Speaking in front of the Mosque, welcomed by Prince Ghazi Bin Muhammed Bin Talal – one of the promoters of the Letter by the 138 Muslim scholars – and addressing an assembly that included religious leaders, diplomats and University rectors, the Pope observed that, today “with increasing insistency, some maintain that religion fails in its claim to be, by nature, a builder of unity and harmony, an expression of communion between persons and with God. Indeed some assert that religion is necessarily a cause of division in our world; and so they argue that the less attention given to religion in the public sphere the better. Certainly, the contradiction of tensions and divisions between the followers of different religious traditions, sadly, cannot be denied. However, is it not also the case that often it is the ideological manipulation of religion, sometimes for political ends, that is the real catalyst for tension and division, and at times even violence in society? In the face of this situation, where the opponents of religion seek not simply to silence its voice but to replace it with their own, the need for believers to be true to their principles and beliefs is felt all the more keenly. Muslims and Christians, precisely because of the burden of our common history so often marked by misunderstanding, must today strive to be known and recognized as worshippers of God faithful to prayer, eager to uphold and live by the Almighty’s decrees, merciful and compassionate, consistent in bearing witness to all that is true and good, and ever mindful of the common origin and dignity of all human persons, who remain at the apex of God’s creative design for the world and for history.”.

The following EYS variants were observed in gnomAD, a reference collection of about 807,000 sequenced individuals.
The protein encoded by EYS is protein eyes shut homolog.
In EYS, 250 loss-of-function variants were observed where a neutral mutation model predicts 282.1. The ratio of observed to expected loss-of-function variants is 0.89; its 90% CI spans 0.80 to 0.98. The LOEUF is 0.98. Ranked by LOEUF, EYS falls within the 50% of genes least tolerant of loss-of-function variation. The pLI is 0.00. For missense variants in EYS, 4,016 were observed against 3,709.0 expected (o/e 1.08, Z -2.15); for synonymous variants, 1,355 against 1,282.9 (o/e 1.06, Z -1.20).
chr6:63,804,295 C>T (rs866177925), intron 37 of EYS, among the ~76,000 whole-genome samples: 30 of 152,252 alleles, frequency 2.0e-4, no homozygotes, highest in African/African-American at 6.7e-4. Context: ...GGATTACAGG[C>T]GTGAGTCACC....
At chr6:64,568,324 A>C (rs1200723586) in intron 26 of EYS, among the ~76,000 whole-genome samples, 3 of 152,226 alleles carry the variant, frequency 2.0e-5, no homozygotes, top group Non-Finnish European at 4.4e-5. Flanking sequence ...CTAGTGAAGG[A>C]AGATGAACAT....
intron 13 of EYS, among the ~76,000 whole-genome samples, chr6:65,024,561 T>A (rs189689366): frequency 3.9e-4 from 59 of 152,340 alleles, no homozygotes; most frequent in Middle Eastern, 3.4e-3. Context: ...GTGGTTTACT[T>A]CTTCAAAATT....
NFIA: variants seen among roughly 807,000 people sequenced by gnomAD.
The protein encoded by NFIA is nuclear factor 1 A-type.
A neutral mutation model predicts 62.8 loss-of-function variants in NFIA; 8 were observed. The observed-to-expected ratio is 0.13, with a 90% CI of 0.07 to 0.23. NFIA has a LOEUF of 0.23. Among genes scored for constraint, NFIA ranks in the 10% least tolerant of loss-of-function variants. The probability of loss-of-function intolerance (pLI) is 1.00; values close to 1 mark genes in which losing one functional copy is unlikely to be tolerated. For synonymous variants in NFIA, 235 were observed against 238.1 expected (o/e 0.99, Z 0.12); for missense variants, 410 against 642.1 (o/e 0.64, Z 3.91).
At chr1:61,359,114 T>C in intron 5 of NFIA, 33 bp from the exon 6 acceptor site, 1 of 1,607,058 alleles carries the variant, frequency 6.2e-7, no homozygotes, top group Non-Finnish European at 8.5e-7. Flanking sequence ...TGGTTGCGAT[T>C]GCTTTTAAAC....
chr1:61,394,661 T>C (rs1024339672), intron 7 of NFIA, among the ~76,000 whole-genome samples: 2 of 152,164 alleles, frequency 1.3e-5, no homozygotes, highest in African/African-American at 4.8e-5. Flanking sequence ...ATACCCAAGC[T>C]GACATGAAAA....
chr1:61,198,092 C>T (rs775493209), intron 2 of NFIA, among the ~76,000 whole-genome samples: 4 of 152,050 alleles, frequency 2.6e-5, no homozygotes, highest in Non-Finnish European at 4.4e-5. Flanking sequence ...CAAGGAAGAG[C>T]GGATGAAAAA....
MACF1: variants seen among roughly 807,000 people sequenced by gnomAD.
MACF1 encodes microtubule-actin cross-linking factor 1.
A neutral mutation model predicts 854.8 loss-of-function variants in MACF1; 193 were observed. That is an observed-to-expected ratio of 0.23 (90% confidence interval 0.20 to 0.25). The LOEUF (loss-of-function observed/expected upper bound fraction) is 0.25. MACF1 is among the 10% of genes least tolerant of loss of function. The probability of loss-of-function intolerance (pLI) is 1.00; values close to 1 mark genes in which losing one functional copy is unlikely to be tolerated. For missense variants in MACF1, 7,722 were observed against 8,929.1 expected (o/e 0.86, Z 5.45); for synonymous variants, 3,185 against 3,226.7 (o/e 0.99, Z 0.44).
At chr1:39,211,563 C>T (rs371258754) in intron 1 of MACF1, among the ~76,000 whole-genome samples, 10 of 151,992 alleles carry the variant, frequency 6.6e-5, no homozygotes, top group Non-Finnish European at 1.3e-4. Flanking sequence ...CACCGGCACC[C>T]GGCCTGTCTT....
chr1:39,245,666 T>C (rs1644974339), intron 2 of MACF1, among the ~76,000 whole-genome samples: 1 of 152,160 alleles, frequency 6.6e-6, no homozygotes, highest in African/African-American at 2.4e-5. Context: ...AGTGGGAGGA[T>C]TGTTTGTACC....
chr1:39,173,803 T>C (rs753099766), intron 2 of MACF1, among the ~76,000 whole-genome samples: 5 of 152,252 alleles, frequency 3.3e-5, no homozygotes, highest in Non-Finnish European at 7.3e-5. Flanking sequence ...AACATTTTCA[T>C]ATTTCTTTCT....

“Today – he continued - I wish to refer to a task which I have addressed on a number of occasions and which I firmly believe Christians and Muslims can embrace, particularly through our respective contributions to learning and scholarship, and public service. That task is the challenge to cultivate for the good, in the context of faith and truth, the vast potential of human reason. Christians in fact describe God, among other ways, as creative Reason, which orders and guides the world. And God endows us with the capacity to participate in his reason and thus to act in accordance with what is good. Muslims worship God, the Creator of Heaven and Earth, who has spoken to humanity. And as believers in the one God we know that human reason is itself God’s gift and that it soars to its highest plane when suffused with the light of God’s truth. In fact, when human reason humbly allows itself to be purified by faith, it is far from weakened; rather, it is strengthened to resist presumption and to reach beyond its own limitations. In this way, human reason is emboldened to pursue its noble purpose of serving mankind, giving expression to our deepest common aspirations and extending, rather than manipulating or confining, public debate. Thus, genuine adherence to religion – far from narrowing our minds – widens the horizon of human understanding. It protects civil society from the excesses of the unbridled ego which tend to absolutize the finite and eclipse the infinite; it ensures that freedom is exercised hand in hand with truth, and it adorns culture with insights concerning all that is true, good and beautiful”.